Goode Ridge Trail
Wilderness has been characterized as barren and unproductive; little can be grown in its sand and rock. But the crops of wilderness have always been its spiritual values -- silence and solitude, a sense of awe and gratitude -- able to be harvested by any traveler who visits.
-David Douglas from "Wilderness Sojourn"
The Goode Ridge Trail is a strenuous trail originally constructed to service a fire lookout on the spine of Goode Ridge. Although the lookout was decommisioned and removed years ago, the spectacular views were not! The vista includes nearly the entire upper Stehekin River drainage and waves of glaciated North Cascades peaks reaching to the horizon.
See the detailed trail description for more information on this area.
Backcountry Camping: Goode Ridge is a day use area and there is no camping allowed along the Goode Ridge Trail. It is a popular day trip from Bridge Creek Camp located 0.3 mile (0.5 km) from the bottom of the trail on the Upper Stehekin Valley Trail. A backcountry permit is required for all overnight stays. Permits are limited.
Access: The Goode Ridge Trail is accessible via trail from many directions: from Stehekin via the Old Wagon Trail; from SR 20 via Bridge Creek or Park Creek Pass Trails; or via the Cascade Pass Trail and the Upper Stehekin Valley Trail (old Stehekin Valley road). The Goode Ridge Trail leaves the Upper Stehekin Valley Trail 0.3 miles (0.5 km) upstream of Bridge Creek Camp. Look for a trailhead sign on the north side of the old road, just west of the large bridge over Bridge Creek.
For more information on current trail conditions, permits, regulations and trip planning please see our Wilderness Trip Planner.
Detailed Trail Description
The Goode Ridge Trail is a challenging hike offering superb views along its upper reaches, and makes a great day hike for those staying at Bridge Creek Camp. Bring plenty of water as there are no reliable water sources along the trail except for one small seep about a mile (1.6 km) from the trailhead, which can have so little flow as to be unusable by late summer.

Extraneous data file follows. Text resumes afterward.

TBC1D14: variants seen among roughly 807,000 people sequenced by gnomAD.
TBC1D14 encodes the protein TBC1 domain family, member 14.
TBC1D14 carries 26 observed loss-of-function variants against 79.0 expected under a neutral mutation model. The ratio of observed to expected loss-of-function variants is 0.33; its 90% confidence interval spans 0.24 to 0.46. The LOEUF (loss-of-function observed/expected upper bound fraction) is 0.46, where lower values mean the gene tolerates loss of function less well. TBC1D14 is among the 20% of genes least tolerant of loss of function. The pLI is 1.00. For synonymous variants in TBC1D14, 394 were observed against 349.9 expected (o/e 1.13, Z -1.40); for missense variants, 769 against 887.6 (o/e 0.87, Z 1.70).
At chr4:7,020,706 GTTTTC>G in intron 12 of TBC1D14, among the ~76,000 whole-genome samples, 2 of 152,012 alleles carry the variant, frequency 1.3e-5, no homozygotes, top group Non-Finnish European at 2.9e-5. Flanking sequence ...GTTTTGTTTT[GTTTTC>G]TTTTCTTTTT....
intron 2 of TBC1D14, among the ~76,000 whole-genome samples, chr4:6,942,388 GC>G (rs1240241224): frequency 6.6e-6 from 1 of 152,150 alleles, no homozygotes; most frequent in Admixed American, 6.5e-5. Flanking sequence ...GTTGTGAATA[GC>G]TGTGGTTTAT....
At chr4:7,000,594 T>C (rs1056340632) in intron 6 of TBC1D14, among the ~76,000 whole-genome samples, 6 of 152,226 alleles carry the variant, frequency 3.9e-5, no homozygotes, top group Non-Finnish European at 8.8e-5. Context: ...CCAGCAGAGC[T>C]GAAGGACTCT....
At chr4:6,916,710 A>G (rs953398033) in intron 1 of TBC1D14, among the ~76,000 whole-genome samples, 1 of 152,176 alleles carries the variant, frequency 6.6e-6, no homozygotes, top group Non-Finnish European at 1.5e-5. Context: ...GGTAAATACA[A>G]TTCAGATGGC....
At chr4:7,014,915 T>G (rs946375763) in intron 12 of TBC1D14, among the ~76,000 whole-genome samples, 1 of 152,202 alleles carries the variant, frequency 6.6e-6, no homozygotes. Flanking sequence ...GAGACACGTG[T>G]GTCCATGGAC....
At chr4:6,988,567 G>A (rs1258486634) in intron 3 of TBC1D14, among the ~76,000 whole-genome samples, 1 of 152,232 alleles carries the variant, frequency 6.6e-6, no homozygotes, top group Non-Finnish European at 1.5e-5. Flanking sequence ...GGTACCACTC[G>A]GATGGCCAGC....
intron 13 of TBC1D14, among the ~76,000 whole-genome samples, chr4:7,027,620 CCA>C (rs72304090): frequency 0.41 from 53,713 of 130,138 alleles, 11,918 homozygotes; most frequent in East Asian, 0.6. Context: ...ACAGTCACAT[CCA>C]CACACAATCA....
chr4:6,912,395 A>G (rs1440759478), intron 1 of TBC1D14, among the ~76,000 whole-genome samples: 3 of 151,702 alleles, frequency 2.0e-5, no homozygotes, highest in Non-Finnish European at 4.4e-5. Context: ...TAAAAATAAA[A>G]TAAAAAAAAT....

The trail begins by climbing steeply through a dense forest of Douglas Fir on the southeast side of the ridge with the sound of Bridge Creek echoing from below. Just beyond the two mile mark, the switchbacks ascend through open hillside meadows that provide the first clear and broad views up the Bridge Creek valley. Early season hikers will find a broad selection of wildflowers, while middle and late season hikers will also find several varieties of huckleberries as an extra reward (and temptation) for stopping to take in the views. The trail continues to switchback through dispersed stands of Subalpine Fir and Mountain Hemlock trees as views become more and more expansive.
About one mile (1.6 km) from the ridgetop, the trail enters a grove of mountain hemlock for about 0.3 miles (0.5 km) before re-entering open heather meadows and reaching the spine of the ridge, leaving the southeast face of the ridge for expansive views of the upper Stehekin River valley and the peaks of the Glacier Peak Wilderness to the south. The trail ends at 6,600' (2,012 m) at the site of an old fire lookout with spectacular 360˚ views of McGregor Mountain, Park Creek and Bridge Creek drainages, and the Cascade Crest stretching northward from Glacier Peak. To the north, the eastern end of Green View Lake sparkles far below. The trail was originally constructed to service the lookout, although most of what remains of the building now are scattered shards of glass amongst the rocks. A long and well-deserved break to absorb the views amongst the sound of the wind provides a taste of the life of a fire lookout. The ridge itself continues to climb impressively northward, composed of sheer, jagged spires that block the view of the summit of Mt. Goode. Due to the rugged nature of the ridge, the Goode Ridge Trail is not used as a climbing approach to the summit of Mt. Goode.
Ninety-three percent of North Cascades National Park Service Complex is designated as the Stephen Mather Wilderness, set aside by law for "the American people of present and future generations" for our protection and enjoyment. Please follow all Leave No Trace hiking and camping practices to reduce your impact on this special place and leave it unimpaired for future generations.
Last updated: December 20, 2012